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The offsets of your wheel can be positive, zero, or even negative. While stock wheels are often manufactured with a slightly positive offset, a negative offset is sometimes desirable by car owners seeking to mount wider custom aftermarket wheels on their vehicle. An incorrect offset on your wheels can lead to several problems ranging from poor handling to instability. If the offset of your wheel is too low, your wheels might rub against the fenders and cause some serious issues. However, if they are very high, chances are that the wheels would interfere with the inner suspension components. it is therefore of great importance that wheels are set to have the right amount of offset. While the aforementioned problem can be resolved by changing the whole wheel, wheel spacers provide a relatively easier and safer way to adjust your wheel offset to the desired level.
Spacers are usually of two main variants; Hub centric spacers and the lug centric spacers. Hub centric spacers are widely recommended by experts as they are relatively easier to install and less prone to surrounding vibration. These spacers are designed to fit perfectly over the hub of the car, it essentially has a common centerline with the hub of the wheel. Although they tend to be relatively more expensive than the lug centric variant, hub centric spacers are arguably safer to use. They are also available as either slip-on or bolt-on or slip-on with extended studs.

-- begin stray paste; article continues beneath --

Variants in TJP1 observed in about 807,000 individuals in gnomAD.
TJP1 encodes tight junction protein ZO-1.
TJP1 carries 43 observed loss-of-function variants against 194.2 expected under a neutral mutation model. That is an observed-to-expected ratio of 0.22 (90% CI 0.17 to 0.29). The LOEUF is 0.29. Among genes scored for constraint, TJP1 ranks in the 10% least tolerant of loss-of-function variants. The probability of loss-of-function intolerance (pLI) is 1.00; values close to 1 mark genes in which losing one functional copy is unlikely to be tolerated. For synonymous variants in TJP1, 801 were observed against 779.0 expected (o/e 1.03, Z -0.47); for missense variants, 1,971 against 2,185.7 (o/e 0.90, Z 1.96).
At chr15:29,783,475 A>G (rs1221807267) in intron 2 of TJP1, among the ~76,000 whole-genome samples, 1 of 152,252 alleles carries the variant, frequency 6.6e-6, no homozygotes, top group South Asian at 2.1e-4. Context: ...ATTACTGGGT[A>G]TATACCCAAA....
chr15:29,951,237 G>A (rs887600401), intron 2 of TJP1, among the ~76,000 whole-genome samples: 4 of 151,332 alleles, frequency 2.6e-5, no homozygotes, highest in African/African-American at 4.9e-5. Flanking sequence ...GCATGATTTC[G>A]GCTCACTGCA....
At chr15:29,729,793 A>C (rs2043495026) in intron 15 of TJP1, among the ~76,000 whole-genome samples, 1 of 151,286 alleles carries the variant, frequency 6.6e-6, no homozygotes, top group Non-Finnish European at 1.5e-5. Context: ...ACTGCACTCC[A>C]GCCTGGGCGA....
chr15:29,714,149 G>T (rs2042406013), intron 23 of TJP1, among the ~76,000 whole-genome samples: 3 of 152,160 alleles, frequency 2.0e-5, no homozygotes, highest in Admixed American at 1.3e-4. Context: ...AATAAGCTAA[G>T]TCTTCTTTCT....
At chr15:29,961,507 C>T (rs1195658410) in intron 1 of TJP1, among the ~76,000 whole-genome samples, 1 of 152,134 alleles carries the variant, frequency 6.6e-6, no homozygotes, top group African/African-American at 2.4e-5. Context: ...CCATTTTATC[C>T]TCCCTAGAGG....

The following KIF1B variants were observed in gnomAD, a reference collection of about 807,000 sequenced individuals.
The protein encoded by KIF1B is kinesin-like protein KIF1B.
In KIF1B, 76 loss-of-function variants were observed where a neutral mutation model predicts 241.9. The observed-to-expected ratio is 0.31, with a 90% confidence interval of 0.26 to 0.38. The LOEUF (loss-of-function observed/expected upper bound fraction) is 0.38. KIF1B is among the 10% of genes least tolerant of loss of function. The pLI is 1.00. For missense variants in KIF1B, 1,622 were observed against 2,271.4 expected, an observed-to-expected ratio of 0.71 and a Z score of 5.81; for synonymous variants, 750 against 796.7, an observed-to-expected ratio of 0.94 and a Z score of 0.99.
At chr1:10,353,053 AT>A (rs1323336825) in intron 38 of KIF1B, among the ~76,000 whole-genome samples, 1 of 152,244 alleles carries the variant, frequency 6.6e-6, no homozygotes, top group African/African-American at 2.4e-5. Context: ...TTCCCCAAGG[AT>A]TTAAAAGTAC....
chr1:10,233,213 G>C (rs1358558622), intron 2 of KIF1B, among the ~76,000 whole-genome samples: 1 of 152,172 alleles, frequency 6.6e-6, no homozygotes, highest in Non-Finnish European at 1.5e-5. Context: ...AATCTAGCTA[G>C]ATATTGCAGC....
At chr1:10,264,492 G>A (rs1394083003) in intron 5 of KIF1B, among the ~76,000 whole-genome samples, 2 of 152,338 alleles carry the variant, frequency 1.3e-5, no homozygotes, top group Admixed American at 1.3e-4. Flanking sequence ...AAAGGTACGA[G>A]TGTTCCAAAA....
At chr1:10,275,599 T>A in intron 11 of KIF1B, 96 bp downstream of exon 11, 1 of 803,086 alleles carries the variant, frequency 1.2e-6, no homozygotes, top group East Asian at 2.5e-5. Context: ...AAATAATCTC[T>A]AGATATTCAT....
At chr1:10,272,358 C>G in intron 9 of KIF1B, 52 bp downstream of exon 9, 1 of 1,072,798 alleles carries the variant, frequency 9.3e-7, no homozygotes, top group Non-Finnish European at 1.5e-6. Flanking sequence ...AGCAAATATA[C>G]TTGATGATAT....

Installation and safety concern
Amidst concerns on the safety of wheel spacers, spacers are quite popular among car owners and enthusiasts. The expert opinion is that spacers are safe to use provided a faulty installation is avoided. Whether you are using a set of hub centric spacers or their lug centric counterpart, installation best practices must be duly followed. Spacer related mishaps are largely attributed to the faulty installation of the spacers. The torque requirement must be duly considered and installation should be done by experts.
Some countries require that TUV approved spacers are used, you can consult with your certified auto dealer on the availability of SCC spacers and other TUV approved spacers.